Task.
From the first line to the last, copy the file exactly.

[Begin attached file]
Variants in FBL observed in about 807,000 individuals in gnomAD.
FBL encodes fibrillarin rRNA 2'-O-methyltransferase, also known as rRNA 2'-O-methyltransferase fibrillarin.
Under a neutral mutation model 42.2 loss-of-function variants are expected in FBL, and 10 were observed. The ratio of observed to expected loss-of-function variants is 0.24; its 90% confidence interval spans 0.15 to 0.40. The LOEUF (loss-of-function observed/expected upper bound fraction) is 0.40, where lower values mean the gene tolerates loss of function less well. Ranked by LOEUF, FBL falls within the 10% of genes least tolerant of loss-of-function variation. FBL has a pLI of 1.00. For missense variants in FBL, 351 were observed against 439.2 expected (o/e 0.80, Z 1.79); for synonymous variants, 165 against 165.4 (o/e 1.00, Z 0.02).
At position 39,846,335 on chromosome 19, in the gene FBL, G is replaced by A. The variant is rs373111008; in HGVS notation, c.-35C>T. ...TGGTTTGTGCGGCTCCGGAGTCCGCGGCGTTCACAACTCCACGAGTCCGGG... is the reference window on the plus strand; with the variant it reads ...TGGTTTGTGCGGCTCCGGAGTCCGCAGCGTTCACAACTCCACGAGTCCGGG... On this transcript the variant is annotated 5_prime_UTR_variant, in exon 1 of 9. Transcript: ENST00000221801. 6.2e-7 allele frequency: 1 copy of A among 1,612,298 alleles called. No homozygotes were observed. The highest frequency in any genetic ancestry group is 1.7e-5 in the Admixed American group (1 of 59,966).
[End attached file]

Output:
Variants in FBL observed in about 807,000 individuals in gnomAD.
FBL encodes fibrillarin rRNA 2'-O-methyltransferase, also known as rRNA 2'-O-methyltransferase fibrillarin.
Under a neutral mutation model 42.2 loss-of-function variants are expected in FBL, and 10 were observed. The ratio of observed to expected loss-of-function variants is 0.24; its 90% confidence interval spans 0.15 to 0.40. The LOEUF (loss-of-function observed/expected upper bound fraction) is 0.40, where lower values mean the gene tolerates loss of function less well. Ranked by LOEUF, FBL falls within the 10% of genes least tolerant of loss-of-function variation. FBL has a pLI of 1.00. For missense variants in FBL, 351 were observed against 439.2 expected (o/e 0.80, Z 1.79); for synonymous variants, 165 against 165.4 (o/e 1.00, Z 0.02).
At position 39,846,335 on chromosome 19, in the gene FBL, G is replaced by A. The variant is rs373111008; in HGVS notation, c.-35C>T. ...TGGTTTGTGCGGCTCCGGAGTCCGCGGCGTTCACAACTCCACGAGTCCGGG... is the reference window on the plus strand; with the variant it reads ...TGGTTTGTGCGGCTCCGGAGTCCGCAGCGTTCACAACTCCACGAGTCCGGG... On this transcript the variant is annotated 5_prime_UTR_variant, in exon 1 of 9. Transcript: ENST00000221801. 6.2e-7 allele frequency: 1 copy of A among 1,612,298 alleles called. No homozygotes were observed. The highest frequency in any genetic ancestry group is 1.7e-5 in the Admixed American group (1 of 59,966).